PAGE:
Women Suing For Gender Discrimination In Silicon Valley Include More Than Just Ellen Pao
In an unsettling new trend, a growing number of women are suing big-name companies in Silicon Valley for gender discrimination, and reporting they were held back from promotions and other opportunities by male-dominated company cultures. A judge ruled Saturday, in a development that could add millions of dollars to the total if she wins, Ellen Pao can sue Kleiner Perkins for punitive damages. But wait, there's more. A former Twitter employee, Tina Huang, says she was discriminated against and unfairly held back from promotions, according to Mashable, and also alleges the microblogging company has a systemic problem that stems from its lack of formal promotion procedures. The cases raise startling questions about gender equality in the tech industry.
In Pao's case, The New York Times reported that San Francisco Superior Court Judge Harold Kahn found the Silicon Valley venture capital firm "engaged in intentional gender discrimination by failing to promote Ms. Pao and terminating her employment." Pao, now the interim CEO of Reddit, says that when she worked for Kleiner Perkins, she was the target of discrimination and retaliation by partners at the firm, and that the company failed to respond to her complaints. She was fired in 2012, and is seeking $16 million in potential lost wages.
For its part, Kleiner Perkins says Pao did not have the skills to advance (despite holding degrees from Princeton and Harvard). But Silicon Valley has been riveted by the trial, which could have large implications for other tech companies if Pao is successful in demonstrating a pattern of bias.
At Twitter, Huang says promotions come via a "shoulder tap," which excludes women from upper-level engineering positions. Huang, who resigned from Twitter in 2014, says she tried to take her concerns to Twitter CEO Dick Costolo, and was then put on a three-month leave as the company investigated her complaints, Mashable reported. A Twitter spokesman told Mashable the company is "deeply committed to a diverse and supportive workplace," and that Huang was treated fairly.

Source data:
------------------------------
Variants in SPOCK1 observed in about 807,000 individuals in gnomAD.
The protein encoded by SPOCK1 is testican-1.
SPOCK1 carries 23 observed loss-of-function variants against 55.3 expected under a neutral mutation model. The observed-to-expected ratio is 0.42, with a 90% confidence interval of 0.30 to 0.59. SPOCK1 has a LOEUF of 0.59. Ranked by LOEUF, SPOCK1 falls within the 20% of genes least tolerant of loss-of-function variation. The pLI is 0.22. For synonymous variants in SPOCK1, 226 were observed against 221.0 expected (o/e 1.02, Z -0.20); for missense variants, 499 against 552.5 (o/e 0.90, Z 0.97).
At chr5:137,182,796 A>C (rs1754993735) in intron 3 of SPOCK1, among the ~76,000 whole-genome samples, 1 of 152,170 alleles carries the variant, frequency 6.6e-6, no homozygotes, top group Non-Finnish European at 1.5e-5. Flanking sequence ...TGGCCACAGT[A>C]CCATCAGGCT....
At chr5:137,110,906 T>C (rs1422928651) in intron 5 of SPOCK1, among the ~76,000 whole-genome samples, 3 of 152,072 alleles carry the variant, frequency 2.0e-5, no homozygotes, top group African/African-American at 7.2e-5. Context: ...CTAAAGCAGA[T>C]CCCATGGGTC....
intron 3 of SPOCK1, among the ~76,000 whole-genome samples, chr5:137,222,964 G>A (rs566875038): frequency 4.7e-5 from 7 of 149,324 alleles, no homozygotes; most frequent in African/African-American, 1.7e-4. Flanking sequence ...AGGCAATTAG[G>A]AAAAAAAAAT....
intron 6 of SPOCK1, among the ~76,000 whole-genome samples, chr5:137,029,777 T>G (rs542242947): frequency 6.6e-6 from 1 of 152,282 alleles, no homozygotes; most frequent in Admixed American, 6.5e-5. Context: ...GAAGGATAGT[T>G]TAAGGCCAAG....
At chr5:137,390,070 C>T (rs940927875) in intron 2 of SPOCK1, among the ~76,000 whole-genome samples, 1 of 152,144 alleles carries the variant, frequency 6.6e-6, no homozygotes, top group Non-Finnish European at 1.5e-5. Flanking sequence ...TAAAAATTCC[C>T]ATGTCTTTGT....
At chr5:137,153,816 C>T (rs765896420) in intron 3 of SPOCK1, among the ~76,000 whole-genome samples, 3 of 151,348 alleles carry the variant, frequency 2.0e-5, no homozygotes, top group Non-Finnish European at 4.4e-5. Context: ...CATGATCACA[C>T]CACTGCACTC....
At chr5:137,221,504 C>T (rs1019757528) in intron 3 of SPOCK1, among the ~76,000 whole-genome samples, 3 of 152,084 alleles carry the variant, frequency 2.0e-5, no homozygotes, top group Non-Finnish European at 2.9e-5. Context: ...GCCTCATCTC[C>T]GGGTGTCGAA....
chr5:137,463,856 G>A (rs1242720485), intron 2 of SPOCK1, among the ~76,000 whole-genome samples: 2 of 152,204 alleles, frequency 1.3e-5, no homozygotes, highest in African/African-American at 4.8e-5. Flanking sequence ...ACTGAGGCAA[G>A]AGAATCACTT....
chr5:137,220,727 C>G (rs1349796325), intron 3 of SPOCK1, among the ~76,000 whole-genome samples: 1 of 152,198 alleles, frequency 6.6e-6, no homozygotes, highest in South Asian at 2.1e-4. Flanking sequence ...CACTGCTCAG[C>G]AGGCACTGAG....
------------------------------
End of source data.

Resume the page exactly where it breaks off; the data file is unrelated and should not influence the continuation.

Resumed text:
In yet another suit, a woman represented by law firm Lawless & Lawless (really), the same firm representing Pao, is suing Facebook for gender and race discrimination. Former Facebook employee Chia Hong, who was fired in 2013, says her former boss discriminated against her and harassed her because she is a woman of Taiwanese descent. In its reply, Facebook said it works extremely hard on issues related to diversity, gender and equality," and that the record will show Hong was treated fairly.
It seems the go-to response for Silicon Valley companies to women who complain is to say, "She was treated fairly." Whether or not Pao, Huang, and Hong are ultimately successful in their given lawsuits, they've raised many troubling issues about how women are treated at Silicon Valley tech companies. And the lack of formal procedures is one that cries out to be addressed; how can a company be sure its employees are being treated fairly when there aren't procedures in place to ensure such treatment? Whatever comes of these respective lawsuits, at the very least, it's time for Silicon Valley to grow up and take its female employees seriously.
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